Modern Yoga History and Phoenix Rising Yoga Therapy

root-cellar-prairie440My grandfather emigrated from Holland and homesteaded in Wyoming. He and my grandma lived in a one-room house next to a root cellar. Over the years the ranch grew, until the original one-room house became a storage shed. As kids, the little shed and especially the cellar, fascinated my brother and me.  The shed was old and weathered. The cellar was dark, musky and contained artifacts hiding in corners and in the bottom of storage bins of a time gone by. When I looked around at our ranch house, garage and mature tree-patch, it was hard to imagine a time when all that existed was the one-room house and root cellar. Both spaces felt so different from our daily lives and yet somehow important, like they held secrets and stories of what had come before that made our current reality possible.

As a child I remember wanting to understand how it all fit together, how this dark hole in the ground and small, dilapidated whitewashed building was connected to what surrounded me now.  I loved my grandma’s stories of the early days on the homestead. How she and my grandpa met when she was a teacher at the country school. How they raised sheep and grew their own food. How the root cellar enabled them to store food longer and thus make it through the long winters. A better understanding of the past made it possible to more fully appreciate our current surroundings and way of life on the ranch; which were much different than one-room buildings and cellars.

It’s been years since I’ve thought of the root cellar and my desire to understand its historical relevance to me, and yet childhood memories flooded my mind as historical curiosity surfaced in relation to my Phoenix Rising Yoga practice. I’ve noticed a strong desire to understand how Phoenix Rising Therapeutic Yoga relates to yoga’s history and that this desire has only become stronger as my practice has become more significant. I want to explore the beginnings, the one-room buildings and root cellars, of PRY in relation to modern day yoga.

Like all yoga in the West, Phoenix Rising Yoga Therapy emerged from and was influenced by traditions that trace their linage back to T.S. Krishramachaya (1888 – 1989).  Although he never crossed an ocean, it’s difficult to find an asana tradition that he hasn’t influenced, as Krishnamacharya’s yoga has spread through Europe, Asia, and the Americas. He is credited for transforming hatha yoga and his influence is most clearly seen in the emphasis on asana practice that has become the signature of modern yoga.

While Phoenix Rising is a tradition rooted in hatha yoga, the intention of supporting student-centered embodied self-inquiry distinguishes PRY from other types of yoga traditions. According to founder Michael Lee, in the early 1980’s he had a breakthrough while practicing with a senior colleague at Kripalu that lead him to begin developing what would become Phoenix Rising Yoga Therapy. He realized that he was developing a practice that was significantly different from other types of “yoga therapy” which up to that point had been primarily physical. Although PRY has physical benefits and clearly supported each client’s individual yoga practice, Lee became fascinated by the prospect of using hatha yoga to facilitate a wider range of benefits including: the deep relaxation and sense of well being provided by body-work; the catharsis of therapy; the mindfulness of meditation; and the integration of body, mind and spirit available through yoga.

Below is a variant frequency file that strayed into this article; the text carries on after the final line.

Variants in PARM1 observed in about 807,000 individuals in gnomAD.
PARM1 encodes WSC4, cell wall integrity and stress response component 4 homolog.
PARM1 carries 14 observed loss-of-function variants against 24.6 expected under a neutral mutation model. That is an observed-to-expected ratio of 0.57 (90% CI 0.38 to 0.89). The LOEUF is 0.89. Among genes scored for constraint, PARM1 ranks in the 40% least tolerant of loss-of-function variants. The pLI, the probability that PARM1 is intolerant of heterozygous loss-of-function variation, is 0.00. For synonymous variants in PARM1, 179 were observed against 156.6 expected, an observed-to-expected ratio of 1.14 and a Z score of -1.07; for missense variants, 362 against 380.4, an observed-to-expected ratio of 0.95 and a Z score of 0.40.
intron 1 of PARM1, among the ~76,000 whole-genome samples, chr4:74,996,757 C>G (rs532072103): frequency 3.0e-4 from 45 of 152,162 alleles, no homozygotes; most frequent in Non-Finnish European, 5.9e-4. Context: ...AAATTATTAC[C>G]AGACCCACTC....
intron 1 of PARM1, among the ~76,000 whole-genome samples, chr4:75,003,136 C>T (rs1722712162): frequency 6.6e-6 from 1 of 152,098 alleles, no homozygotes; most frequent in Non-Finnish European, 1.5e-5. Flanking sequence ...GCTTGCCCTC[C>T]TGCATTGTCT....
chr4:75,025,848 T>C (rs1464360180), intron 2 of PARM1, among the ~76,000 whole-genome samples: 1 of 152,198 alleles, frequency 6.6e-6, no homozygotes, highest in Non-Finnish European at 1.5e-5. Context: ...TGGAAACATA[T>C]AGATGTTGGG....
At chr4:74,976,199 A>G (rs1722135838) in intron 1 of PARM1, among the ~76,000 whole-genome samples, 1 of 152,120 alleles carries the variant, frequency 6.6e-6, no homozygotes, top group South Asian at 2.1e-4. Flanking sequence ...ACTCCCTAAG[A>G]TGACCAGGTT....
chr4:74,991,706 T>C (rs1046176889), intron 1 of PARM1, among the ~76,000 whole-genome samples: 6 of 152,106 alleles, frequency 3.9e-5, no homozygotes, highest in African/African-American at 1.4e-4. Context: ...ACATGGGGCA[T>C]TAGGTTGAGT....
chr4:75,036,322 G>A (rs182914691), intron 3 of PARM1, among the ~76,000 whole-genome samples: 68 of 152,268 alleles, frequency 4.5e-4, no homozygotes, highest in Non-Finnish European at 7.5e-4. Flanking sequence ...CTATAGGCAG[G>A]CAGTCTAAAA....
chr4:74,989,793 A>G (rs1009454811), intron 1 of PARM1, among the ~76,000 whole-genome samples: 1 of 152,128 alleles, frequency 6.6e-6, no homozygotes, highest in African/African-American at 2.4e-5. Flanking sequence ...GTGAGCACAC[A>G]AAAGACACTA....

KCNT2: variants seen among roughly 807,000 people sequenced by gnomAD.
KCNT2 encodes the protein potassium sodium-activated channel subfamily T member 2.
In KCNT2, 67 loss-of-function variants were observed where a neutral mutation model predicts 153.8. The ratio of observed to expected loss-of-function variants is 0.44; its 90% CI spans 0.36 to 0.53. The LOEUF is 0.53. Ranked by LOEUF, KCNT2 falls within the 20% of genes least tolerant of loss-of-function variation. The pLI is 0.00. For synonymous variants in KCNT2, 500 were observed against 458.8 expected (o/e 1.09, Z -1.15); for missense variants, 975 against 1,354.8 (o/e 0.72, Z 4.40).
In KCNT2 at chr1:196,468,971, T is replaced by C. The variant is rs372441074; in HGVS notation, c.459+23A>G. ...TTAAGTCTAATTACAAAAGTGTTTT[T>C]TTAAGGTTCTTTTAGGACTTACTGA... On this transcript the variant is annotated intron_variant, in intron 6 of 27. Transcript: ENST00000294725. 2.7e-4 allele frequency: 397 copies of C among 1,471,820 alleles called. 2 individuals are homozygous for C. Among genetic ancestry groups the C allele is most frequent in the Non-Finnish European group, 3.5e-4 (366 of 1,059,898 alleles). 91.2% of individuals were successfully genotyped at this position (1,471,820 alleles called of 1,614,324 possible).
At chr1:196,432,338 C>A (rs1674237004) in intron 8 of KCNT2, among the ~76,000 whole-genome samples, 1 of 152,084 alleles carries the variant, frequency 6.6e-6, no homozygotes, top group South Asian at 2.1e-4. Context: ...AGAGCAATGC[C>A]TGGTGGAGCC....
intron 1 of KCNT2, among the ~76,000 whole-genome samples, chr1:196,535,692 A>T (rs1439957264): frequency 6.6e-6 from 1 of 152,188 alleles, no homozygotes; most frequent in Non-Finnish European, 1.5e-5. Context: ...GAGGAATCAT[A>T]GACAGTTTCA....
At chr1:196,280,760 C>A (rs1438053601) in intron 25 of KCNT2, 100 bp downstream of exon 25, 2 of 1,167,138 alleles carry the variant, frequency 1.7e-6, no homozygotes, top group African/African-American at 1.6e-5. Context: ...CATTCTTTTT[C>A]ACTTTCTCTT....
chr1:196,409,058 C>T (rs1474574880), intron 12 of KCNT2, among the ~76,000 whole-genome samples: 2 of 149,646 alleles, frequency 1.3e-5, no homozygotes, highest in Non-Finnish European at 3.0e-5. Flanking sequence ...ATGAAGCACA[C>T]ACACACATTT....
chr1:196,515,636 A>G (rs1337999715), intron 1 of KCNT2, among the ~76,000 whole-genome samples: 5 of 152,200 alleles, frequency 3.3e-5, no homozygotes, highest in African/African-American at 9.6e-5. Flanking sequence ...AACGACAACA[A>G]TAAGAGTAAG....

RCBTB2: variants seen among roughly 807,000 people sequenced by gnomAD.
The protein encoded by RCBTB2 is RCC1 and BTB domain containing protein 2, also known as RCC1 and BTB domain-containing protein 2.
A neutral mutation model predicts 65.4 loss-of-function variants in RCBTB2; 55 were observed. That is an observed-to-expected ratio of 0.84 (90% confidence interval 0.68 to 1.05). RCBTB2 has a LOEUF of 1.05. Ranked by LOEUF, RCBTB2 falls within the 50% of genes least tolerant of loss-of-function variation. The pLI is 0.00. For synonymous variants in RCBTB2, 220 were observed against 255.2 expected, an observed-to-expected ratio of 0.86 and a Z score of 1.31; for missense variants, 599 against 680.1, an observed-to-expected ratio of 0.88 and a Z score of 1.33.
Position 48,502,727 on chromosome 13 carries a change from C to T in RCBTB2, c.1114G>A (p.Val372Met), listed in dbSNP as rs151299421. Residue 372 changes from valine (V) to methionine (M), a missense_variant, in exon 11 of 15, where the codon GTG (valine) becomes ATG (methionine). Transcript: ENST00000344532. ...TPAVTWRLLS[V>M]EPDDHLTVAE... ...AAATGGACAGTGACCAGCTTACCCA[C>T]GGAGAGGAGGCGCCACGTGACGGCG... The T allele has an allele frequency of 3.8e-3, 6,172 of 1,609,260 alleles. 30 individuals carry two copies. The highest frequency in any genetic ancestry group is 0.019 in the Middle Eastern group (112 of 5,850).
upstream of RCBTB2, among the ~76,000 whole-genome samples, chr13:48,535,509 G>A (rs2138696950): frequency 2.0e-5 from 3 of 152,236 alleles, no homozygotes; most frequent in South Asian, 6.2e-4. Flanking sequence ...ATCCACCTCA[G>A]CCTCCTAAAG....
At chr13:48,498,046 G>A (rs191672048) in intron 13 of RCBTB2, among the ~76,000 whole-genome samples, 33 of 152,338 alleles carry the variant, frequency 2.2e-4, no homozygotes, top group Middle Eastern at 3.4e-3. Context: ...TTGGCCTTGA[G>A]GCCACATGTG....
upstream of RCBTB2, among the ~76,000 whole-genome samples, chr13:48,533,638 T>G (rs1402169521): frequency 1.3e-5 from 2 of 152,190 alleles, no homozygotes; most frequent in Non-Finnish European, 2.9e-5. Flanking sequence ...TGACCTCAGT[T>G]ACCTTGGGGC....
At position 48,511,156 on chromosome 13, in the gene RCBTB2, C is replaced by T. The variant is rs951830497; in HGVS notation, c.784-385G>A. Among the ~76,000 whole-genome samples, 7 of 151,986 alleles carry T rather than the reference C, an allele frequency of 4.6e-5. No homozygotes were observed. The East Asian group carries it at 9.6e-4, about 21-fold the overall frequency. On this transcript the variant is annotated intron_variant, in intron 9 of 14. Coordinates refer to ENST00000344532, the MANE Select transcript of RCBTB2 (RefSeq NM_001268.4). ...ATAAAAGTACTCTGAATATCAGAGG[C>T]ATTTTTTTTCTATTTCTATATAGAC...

Another feature that distinguishes PRY from other types of therapeutic yoga was Lee’s commitment to developing a yoga therapy that is founded on client-centered responsibility. In other words, PRY is a tradition that empowers clients to be responsible for their own healing and ultimately, their own transformation.

Phoenix Rising is set apart from other traditions by the intention of supporting student-centered embodied self-inquiry and the belief that students/clients are their own best teachers and capable of generating their own personal transformation. These foundational principles resonate deeply with me. I’ve directly experienced their power in my own life and have the immense privilege of offering yoga experiences based on these principles in my PRY practice to support others in their self-inquiry and personal growth.

I can’t help but feel deep gratitude for the courage of those who have come before me when I think of the one-room house and root cellar, the humble start that reflects the beginning of a vision and belief that something different can be possible. For my grandfather it was the courage to leave his country for a new life in a new country that held the promise of something more. For Phoenix Rising Yoga, it was Michael Lee’s courage to stay with and explore an embodied moment that lead to a breakthrough and the development of a practice that supports the personal courage of self-inquiry and transformation. I’m deeply grateful to call Phoenix Rising Therapeutic Yoga my yoga tradition.


Embodied Insight Yoga  –